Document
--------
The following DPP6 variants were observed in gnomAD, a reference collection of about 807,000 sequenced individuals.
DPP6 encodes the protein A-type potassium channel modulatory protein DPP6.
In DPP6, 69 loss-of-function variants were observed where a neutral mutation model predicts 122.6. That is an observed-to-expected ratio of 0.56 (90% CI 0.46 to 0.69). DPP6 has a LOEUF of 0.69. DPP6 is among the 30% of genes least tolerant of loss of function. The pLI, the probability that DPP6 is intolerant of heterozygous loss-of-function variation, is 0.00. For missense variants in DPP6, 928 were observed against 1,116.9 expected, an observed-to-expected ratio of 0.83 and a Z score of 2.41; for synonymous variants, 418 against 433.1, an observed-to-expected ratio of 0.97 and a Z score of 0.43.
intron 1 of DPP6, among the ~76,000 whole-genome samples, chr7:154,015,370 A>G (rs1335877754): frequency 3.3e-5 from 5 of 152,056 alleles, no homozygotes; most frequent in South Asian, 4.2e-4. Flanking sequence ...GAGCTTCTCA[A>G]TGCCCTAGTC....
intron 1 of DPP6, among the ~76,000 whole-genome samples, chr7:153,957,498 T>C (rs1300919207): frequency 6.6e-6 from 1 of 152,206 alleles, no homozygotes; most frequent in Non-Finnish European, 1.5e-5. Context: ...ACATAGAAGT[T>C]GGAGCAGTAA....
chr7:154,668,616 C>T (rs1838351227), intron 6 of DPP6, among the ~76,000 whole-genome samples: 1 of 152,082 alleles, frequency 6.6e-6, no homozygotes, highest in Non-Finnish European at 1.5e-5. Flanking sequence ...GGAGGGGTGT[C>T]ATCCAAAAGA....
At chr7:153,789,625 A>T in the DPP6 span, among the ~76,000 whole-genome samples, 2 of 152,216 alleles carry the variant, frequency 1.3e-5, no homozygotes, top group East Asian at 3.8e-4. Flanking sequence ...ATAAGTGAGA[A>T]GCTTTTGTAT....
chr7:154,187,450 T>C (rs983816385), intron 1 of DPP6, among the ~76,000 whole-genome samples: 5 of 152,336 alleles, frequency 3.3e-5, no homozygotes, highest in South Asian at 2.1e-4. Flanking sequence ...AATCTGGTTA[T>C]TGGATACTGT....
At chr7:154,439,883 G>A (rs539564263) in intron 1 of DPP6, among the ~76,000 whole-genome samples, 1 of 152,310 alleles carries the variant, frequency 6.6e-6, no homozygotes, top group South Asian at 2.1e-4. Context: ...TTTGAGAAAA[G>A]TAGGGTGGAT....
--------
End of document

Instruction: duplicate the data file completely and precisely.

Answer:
The following DPP6 variants were observed in gnomAD, a reference collection of about 807,000 sequenced individuals.
DPP6 encodes the protein A-type potassium channel modulatory protein DPP6.
In DPP6, 69 loss-of-function variants were observed where a neutral mutation model predicts 122.6. That is an observed-to-expected ratio of 0.56 (90% CI 0.46 to 0.69). DPP6 has a LOEUF of 0.69. DPP6 is among the 30% of genes least tolerant of loss of function. The pLI, the probability that DPP6 is intolerant of heterozygous loss-of-function variation, is 0.00. For missense variants in DPP6, 928 were observed against 1,116.9 expected, an observed-to-expected ratio of 0.83 and a Z score of 2.41; for synonymous variants, 418 against 433.1, an observed-to-expected ratio of 0.97 and a Z score of 0.43.
intron 1 of DPP6, among the ~76,000 whole-genome samples, chr7:154,015,370 A>G (rs1335877754): frequency 3.3e-5 from 5 of 152,056 alleles, no homozygotes; most frequent in South Asian, 4.2e-4. Flanking sequence ...GAGCTTCTCA[A>G]TGCCCTAGTC....
intron 1 of DPP6, among the ~76,000 whole-genome samples, chr7:153,957,498 T>C (rs1300919207): frequency 6.6e-6 from 1 of 152,206 alleles, no homozygotes; most frequent in Non-Finnish European, 1.5e-5. Context: ...ACATAGAAGT[T>C]GGAGCAGTAA....
chr7:154,668,616 C>T (rs1838351227), intron 6 of DPP6, among the ~76,000 whole-genome samples: 1 of 152,082 alleles, frequency 6.6e-6, no homozygotes, highest in Non-Finnish European at 1.5e-5. Flanking sequence ...GGAGGGGTGT[C>T]ATCCAAAAGA....
At chr7:153,789,625 A>T in the DPP6 span, among the ~76,000 whole-genome samples, 2 of 152,216 alleles carry the variant, frequency 1.3e-5, no homozygotes, top group East Asian at 3.8e-4. Flanking sequence ...ATAAGTGAGA[A>T]GCTTTTGTAT....
chr7:154,187,450 T>C (rs983816385), intron 1 of DPP6, among the ~76,000 whole-genome samples: 5 of 152,336 alleles, frequency 3.3e-5, no homozygotes, highest in South Asian at 2.1e-4. Flanking sequence ...AATCTGGTTA[T>C]TGGATACTGT....
At chr7:154,439,883 G>A (rs539564263) in intron 1 of DPP6, among the ~76,000 whole-genome samples, 1 of 152,310 alleles carries the variant, frequency 6.6e-6, no homozygotes, top group South Asian at 2.1e-4. Context: ...TTTGAGAAAA[G>A]TAGGGTGGAT....